Julia O’Sullivan, dean of the Ontario Institute for Studies in Education at the University of Toronto, is considering legal action against critics, many of them professors, who have been urging her removal, The Globe and Mail reported. Faculty members have criticized recent decisions on the budget and the elimination a bachelor's degree in education. O'Sullivan's lawyer said that she is being unfairly maligned for decisions made by her bosses. She “may be only a messenger and decisions have been made by the university and by government. The dean is charged with communicating those decisions. Public castigation at that level is offensive and could cause reputational damage,” said the lawyer.


April 13, 2015

Early Sunday morning, students at the University of Wisconsin at Madison created a 12,000-pound Rice Krispies treat, which they believe to be a new world record for the cereal-marshmallow mixture, The Wisconsin State Journal reported. While the 12,000-pound treat exceeds the previous record of about 10,000 pounds, it falls short of the original 15,000-pound goal, which inspired the name for the student group, Project Freshman 15,000 -- also a play on the "freshman 15" weight gain.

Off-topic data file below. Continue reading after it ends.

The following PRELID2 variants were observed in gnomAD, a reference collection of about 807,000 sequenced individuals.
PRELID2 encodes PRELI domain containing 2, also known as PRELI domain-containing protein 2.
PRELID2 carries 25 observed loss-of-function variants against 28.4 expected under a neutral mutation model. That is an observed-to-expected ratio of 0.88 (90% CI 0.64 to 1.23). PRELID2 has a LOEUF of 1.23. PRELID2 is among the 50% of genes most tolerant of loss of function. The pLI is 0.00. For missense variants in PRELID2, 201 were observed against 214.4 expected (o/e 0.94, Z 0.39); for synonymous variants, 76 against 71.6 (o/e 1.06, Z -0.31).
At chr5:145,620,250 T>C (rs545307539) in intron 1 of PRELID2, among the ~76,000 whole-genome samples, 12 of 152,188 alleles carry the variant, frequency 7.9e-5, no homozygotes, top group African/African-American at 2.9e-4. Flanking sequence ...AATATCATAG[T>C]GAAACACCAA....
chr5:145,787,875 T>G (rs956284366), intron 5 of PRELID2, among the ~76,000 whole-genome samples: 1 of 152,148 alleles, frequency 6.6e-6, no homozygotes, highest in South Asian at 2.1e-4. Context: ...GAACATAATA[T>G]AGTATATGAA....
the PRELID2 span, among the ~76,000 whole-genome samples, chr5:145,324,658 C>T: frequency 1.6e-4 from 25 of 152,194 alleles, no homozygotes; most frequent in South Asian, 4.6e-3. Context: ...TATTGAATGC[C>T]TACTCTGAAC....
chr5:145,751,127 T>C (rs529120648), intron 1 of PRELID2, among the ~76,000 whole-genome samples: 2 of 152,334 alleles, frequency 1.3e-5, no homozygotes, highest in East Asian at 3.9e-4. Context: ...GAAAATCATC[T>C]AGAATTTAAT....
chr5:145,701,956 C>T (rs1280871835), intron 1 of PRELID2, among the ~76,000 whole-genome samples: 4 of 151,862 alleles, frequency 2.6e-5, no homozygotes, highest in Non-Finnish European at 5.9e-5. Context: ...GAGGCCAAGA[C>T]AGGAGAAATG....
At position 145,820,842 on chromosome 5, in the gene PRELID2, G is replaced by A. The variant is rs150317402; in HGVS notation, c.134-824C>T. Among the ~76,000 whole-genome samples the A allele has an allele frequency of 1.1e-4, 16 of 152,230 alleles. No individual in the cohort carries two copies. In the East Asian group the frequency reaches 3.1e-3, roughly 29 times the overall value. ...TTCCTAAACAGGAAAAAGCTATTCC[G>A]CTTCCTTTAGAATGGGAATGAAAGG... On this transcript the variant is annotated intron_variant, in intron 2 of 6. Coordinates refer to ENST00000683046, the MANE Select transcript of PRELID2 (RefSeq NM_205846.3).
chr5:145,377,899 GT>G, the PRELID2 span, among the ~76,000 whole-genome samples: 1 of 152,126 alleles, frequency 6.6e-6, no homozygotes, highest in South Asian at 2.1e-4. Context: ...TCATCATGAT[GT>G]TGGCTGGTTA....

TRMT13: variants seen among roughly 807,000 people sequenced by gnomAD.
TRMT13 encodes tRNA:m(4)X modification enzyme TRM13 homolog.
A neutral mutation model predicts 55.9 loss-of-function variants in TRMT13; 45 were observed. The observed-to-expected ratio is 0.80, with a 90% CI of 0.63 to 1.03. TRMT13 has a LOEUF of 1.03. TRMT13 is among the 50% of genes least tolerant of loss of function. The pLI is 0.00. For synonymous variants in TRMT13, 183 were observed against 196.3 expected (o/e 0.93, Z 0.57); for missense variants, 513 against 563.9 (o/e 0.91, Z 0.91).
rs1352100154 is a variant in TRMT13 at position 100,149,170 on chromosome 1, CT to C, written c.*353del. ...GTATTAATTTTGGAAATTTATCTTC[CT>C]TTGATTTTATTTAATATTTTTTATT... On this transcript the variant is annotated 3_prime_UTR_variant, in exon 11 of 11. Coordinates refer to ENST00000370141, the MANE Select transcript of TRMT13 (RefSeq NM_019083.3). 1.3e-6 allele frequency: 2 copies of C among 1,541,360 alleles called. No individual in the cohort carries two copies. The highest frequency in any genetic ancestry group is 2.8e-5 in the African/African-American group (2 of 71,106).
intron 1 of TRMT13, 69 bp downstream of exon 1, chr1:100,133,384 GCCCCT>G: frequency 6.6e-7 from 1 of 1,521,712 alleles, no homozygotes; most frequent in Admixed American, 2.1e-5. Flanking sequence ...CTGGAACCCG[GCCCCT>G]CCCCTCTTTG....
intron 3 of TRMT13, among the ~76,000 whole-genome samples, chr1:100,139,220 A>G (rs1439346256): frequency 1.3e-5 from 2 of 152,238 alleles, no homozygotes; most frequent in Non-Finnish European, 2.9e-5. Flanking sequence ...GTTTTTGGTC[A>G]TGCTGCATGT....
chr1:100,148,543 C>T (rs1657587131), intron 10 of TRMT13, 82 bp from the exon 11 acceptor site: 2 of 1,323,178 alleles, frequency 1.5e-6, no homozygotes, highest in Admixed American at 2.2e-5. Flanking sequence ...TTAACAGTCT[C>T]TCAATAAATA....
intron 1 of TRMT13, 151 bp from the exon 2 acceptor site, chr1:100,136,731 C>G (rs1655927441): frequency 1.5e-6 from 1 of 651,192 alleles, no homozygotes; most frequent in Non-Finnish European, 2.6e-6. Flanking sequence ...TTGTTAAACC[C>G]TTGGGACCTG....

April 13, 2015

In today's Academic Minute, Nancy Gallagher of the University of Maryland at College Park offers an analysis of the public perception of this deal. Learn more about the Academic Minute here.



April 10, 2015

For the first time in its history, Harvard University hired an equal number of women and men as junior faculty members in 2014-15, according to a new report from its Office of Faculty Development and Diversity. Harvard took on 62 new tenure-track faculty members this year, exactly half of whom were women; 24 percent were minority. Some 28 percent of the Harvard ladder faculty over all are women -- at 438 faculty members, that's about 90 more than even 10 years ago. Harvard says it’s cautiously optimistic that the gender parity can be maintained over time; while many factors play into such an outcome, the university's made a significant effort to welcome more women onto the faculty in recent years by conducting broader, more inclusive faculty searches and through various pipeline efforts aimed at increasing the number of female faculty members. Harvard’s diversity tactics are somewhat similar to those recently announced by Brown University, which pledged to double its proportion of underrepresented minority faculty in 10 years. 

“Over the past several years, Harvard, like many institutions, has worked diligently to diversify its faculty at all levels,” Judith D. Singer, Harvard’s senior vice provost for faculty development and diversity and James Bryant Conant Professor of Education, said via email. “While we cannot guarantee that the same will happen next year, this year’s success is a remarkable fact that was entirely unimaginable when I joined the faculty 30 years ago.”

April 10, 2015